While it may seem ironic that I am leaving an organization after spending a year trying to make it easier for more members to have a say in how the org operates, I have decided that due to some slight conflicting values and priorities, that it is time for me to move on.
Canadian Professional Association for Transgender Health (CPATH) is a non-profit professioinal Association that is run by and for trans health professionals. Initially, voting membership was exclusive to credentialed doctors, steps were taken, with my help, to create a policy that would open the door for non-credentialed health professionals to attain voting rights, thru membership or association with organizational health providers.
For taking such a cutting edge risk, I applaud CPATH. But at the same time, I am not a health professional. I am a patient and I am an advocate for patients' rights. While both myself as an individual, and organizations I represent, have an interest and stake in CPATH's work, I feel it is best to work along side them, as opposed to being part of them. There exists a dichotomy of what's best for the doctors and what's best for the patients - and when that dichotomy leads to a dilemma, you know I will have to side with the patients. Afterall, I often refer to doctors as "gatekeepers" as opposed to experts, and I still firmly believe that the trans patient, not the doctor, knows what's best. Unfortunately, we do have a few dilemmas.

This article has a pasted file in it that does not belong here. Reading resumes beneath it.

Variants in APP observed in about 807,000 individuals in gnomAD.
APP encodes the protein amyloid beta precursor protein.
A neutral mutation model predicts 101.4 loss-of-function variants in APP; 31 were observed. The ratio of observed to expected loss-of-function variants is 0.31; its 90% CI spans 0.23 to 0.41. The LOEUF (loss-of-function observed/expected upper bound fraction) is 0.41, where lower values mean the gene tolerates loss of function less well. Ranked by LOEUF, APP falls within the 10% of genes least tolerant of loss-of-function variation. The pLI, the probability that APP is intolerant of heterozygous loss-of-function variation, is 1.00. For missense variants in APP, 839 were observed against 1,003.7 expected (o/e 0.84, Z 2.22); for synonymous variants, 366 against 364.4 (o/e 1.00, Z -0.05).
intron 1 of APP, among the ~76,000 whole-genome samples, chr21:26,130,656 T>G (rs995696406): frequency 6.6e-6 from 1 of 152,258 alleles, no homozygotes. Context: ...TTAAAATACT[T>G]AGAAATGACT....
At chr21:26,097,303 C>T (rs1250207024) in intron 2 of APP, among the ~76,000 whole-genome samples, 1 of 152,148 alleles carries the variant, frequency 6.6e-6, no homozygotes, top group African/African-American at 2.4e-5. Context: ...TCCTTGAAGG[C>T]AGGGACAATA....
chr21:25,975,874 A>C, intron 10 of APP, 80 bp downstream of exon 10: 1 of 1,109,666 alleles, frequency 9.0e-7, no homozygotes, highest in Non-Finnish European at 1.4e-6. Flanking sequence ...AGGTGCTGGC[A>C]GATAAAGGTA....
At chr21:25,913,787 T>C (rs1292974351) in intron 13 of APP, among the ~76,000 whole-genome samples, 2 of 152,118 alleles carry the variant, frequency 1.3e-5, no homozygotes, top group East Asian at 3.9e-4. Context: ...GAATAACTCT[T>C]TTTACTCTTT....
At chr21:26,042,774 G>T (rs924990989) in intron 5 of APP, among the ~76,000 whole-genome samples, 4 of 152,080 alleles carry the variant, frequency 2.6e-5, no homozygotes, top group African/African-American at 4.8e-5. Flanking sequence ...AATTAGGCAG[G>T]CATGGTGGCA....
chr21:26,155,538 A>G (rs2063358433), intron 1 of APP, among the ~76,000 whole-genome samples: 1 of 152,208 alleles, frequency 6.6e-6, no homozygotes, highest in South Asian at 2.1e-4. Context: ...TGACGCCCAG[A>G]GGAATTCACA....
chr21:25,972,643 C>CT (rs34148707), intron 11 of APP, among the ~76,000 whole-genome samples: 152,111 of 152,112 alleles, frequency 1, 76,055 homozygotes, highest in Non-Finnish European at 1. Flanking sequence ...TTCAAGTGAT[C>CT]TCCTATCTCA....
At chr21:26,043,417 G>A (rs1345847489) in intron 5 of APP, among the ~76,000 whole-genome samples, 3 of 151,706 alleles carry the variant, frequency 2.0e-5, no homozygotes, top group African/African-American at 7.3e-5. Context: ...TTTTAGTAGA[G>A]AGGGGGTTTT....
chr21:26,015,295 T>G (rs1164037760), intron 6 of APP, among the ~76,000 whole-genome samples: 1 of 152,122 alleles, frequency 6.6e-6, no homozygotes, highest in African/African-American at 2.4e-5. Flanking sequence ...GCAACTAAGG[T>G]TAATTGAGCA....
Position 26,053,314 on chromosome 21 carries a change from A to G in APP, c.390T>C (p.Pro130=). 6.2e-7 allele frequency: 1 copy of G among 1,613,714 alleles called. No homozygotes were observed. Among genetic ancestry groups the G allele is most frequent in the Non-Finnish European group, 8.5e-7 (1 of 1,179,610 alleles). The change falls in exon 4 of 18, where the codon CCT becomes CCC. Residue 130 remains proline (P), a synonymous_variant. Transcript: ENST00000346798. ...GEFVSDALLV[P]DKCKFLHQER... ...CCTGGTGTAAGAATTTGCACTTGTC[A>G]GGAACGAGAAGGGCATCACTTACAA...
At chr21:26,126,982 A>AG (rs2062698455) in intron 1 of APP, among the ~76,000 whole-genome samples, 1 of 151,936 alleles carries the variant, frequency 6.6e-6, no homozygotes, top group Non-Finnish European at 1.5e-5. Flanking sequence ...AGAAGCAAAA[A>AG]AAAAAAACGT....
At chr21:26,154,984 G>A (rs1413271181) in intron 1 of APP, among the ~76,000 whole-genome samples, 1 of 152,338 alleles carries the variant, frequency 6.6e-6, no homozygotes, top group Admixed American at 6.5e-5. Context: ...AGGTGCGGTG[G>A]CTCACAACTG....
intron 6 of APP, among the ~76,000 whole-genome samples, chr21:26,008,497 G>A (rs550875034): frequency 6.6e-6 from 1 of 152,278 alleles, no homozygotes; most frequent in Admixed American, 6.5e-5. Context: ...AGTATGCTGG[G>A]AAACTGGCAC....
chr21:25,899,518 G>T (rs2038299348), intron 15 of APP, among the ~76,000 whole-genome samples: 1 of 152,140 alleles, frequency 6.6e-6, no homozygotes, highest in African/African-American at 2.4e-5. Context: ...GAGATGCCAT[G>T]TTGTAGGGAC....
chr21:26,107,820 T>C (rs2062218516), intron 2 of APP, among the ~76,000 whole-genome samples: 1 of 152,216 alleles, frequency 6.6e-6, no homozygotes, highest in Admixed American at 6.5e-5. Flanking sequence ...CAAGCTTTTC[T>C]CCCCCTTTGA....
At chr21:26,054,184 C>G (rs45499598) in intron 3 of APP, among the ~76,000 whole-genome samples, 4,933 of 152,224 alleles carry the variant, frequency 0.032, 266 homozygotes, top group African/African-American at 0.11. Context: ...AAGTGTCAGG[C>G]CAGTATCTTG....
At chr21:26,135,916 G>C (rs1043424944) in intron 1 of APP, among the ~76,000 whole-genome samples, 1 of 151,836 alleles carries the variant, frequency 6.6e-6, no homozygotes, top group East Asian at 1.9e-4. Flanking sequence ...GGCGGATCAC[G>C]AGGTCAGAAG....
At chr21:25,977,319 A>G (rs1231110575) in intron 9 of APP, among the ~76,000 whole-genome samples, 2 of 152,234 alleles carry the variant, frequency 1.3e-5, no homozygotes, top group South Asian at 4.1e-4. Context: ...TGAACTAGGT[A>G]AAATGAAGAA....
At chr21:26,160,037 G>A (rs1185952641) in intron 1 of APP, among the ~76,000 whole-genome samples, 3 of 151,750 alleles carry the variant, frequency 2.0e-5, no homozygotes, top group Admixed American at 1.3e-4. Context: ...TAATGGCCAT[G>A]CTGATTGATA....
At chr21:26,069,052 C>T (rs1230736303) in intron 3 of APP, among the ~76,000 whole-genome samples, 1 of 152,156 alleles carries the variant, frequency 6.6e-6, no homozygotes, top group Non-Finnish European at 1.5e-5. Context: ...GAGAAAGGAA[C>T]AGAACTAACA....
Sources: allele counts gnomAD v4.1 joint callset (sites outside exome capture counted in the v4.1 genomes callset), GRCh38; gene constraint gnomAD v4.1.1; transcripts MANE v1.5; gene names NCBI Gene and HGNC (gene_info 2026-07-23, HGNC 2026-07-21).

Overall, my involvement with CPATH would have to be classified as a success, as they got what they wanted out of me in terms of policy writing work, and I got the experience of not only writing a valuable policy that was accepted by an org of this magnitude, but the satisfaction of feeling that I have made that organization stronger. I leave on good terms, wish them the best, and offer to keep lines of communication open. But for the record, I am no longer an official member.